I like high trail for entering corners, you can just slam the bike in there rather than having to feel out the traction.
 

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Discussion Starter · #16 ·
I've always thought that was because of a longer wheelbase and a more rearward weight distribution. Once you get the bike tipped over and your weight in the right spot it doesn't seem that different.

When you have tight pedally flat trails you can run in to problems where you can't tip a high trail bike enough to maintain balance and cut a tight enough turn. Feels crappy and clumsy. Knowing your typical riding, i wonder if that's what you're experiencing?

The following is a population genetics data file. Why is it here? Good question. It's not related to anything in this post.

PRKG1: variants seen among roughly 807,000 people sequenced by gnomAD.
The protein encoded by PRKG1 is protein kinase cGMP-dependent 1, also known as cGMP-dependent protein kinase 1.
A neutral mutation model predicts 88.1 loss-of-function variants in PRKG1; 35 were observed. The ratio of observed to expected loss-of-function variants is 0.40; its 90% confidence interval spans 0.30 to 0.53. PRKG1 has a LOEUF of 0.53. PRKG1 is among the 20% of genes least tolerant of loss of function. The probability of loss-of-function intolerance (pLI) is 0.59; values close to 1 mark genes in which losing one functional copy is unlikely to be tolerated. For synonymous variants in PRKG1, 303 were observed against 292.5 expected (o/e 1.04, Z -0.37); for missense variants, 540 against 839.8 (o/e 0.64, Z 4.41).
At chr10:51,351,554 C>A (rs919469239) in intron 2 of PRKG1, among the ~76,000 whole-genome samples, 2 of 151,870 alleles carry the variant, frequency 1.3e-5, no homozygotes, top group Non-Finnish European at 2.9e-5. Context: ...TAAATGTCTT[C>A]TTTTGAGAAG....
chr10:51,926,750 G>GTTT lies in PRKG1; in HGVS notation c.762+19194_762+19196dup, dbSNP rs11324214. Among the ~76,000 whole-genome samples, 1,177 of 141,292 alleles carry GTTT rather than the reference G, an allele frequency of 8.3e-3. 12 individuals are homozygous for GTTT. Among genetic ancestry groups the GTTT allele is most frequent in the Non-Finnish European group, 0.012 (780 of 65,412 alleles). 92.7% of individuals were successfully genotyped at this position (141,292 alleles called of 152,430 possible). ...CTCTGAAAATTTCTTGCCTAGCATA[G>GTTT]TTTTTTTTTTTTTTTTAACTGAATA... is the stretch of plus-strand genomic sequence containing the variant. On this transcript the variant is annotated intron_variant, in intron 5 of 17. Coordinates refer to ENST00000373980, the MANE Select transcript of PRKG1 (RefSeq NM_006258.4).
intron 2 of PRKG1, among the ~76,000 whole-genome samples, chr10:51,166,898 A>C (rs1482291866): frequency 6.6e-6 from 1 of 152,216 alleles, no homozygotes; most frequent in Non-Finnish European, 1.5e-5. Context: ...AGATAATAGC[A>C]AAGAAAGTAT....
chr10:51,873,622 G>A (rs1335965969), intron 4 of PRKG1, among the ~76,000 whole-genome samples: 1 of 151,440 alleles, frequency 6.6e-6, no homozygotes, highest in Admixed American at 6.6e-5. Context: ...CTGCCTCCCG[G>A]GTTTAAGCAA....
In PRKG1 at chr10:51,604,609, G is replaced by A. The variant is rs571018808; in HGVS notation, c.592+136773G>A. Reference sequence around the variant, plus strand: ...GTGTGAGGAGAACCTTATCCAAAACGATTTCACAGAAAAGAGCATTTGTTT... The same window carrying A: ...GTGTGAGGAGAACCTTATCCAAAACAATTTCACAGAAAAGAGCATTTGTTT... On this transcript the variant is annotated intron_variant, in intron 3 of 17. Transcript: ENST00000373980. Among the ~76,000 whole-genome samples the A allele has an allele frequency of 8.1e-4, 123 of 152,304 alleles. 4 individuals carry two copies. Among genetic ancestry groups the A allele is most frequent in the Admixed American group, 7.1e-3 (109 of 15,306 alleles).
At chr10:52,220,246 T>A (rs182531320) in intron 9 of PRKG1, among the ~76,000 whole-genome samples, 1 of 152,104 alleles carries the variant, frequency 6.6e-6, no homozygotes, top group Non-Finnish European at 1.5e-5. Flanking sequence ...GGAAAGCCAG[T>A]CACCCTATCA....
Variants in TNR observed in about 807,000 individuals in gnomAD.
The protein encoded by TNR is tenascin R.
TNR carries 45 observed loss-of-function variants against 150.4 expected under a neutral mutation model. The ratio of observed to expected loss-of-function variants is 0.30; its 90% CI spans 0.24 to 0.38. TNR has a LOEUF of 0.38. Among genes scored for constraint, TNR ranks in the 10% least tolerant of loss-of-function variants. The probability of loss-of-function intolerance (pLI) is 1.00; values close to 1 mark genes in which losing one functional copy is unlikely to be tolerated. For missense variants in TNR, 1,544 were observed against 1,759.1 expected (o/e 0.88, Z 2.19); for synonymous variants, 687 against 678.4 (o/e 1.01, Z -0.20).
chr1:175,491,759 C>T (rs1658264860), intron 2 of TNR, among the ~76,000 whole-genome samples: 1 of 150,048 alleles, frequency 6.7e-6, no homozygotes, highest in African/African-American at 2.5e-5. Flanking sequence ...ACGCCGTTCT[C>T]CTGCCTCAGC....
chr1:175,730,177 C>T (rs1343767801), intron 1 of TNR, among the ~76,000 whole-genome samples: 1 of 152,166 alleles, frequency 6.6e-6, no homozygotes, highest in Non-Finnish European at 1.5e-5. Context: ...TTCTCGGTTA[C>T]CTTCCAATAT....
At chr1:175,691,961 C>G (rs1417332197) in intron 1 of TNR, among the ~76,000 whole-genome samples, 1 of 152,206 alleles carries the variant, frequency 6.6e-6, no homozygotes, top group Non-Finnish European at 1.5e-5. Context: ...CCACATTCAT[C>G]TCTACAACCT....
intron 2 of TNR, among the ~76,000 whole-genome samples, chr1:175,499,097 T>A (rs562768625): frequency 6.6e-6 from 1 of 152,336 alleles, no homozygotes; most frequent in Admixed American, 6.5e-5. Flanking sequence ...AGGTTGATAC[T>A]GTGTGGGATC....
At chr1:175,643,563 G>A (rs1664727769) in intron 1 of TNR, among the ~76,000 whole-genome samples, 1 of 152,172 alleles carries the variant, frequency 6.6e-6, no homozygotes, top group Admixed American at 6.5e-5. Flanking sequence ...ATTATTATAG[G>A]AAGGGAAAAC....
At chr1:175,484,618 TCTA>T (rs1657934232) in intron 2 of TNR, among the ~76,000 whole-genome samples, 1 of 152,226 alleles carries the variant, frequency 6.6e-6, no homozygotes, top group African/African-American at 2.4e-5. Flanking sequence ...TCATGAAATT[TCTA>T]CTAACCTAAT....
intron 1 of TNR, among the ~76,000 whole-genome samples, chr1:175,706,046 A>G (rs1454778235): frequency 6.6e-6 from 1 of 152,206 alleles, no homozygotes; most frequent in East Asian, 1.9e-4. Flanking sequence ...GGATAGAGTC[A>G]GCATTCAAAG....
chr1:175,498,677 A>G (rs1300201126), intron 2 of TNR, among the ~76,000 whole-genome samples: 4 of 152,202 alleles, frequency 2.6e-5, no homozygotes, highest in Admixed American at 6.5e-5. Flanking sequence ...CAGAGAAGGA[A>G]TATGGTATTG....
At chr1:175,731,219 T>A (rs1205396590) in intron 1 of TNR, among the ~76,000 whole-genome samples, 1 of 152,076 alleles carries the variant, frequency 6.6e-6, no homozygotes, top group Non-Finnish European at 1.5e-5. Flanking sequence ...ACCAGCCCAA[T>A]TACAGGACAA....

I like high trail for entering corners, you can just slam the bike in there rather than having to feel out the traction.
I've experimented with bikes with same wheelbase/different trail. You just have to remember - trail is trying to center the front wheel contact patch behind the steering axis. It is a self-centering feature. More of it means more effort to both initiate and maintain a turn, and there's no free lunch - more trail will require more effort to turn and in general be more "sluggish".

-Walt
 

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I'm looking at this development from a different angle. I want a fork I can put panniers on where the loaded gear is considered sprung mass. This is one way.